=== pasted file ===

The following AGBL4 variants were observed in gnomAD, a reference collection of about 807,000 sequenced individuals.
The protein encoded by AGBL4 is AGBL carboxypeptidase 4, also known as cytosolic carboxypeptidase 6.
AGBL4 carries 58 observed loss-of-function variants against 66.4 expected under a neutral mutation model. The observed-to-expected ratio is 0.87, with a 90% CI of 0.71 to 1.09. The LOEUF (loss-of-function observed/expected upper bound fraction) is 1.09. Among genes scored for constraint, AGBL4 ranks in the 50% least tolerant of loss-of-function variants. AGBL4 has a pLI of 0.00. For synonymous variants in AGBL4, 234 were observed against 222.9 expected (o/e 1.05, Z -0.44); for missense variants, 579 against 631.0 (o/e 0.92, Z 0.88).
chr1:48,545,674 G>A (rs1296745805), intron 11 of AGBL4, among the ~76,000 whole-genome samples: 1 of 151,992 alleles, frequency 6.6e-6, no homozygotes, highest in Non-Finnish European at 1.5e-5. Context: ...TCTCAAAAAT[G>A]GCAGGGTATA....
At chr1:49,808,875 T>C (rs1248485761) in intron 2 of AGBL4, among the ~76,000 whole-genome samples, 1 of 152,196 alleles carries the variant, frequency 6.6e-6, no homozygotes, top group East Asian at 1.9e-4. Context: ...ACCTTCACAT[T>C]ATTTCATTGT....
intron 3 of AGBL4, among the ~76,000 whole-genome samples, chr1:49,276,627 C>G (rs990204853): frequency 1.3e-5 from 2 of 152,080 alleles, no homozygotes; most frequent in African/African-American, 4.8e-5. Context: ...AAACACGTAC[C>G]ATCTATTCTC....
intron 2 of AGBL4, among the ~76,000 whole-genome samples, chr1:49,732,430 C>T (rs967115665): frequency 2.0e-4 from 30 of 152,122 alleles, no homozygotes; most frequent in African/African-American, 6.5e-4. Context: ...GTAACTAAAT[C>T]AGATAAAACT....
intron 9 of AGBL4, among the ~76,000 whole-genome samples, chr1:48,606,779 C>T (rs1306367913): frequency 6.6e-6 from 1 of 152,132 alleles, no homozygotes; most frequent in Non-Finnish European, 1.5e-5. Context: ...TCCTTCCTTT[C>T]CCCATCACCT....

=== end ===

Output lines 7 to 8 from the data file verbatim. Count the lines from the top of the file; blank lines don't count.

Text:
intron 2 of AGBL4, among the ~76,000 whole-genome samples, chr1:49,732,430 C>T (rs967115665): frequency 2.0e-4 from 30 of 152,122 alleles, no homozygotes; most frequent in African/African-American, 6.5e-4. Context: ...GTAACTAAAT[C>T]AGATAAAACT....
intron 9 of AGBL4, among the ~76,000 whole-genome samples, chr1:48,606,779 C>T (rs1306367913): frequency 6.6e-6 from 1 of 152,132 alleles, no homozygotes; most frequent in Non-Finnish European, 1.5e-5. Context: ...TCCTTCCTTT[C>T]CCCATCACCT....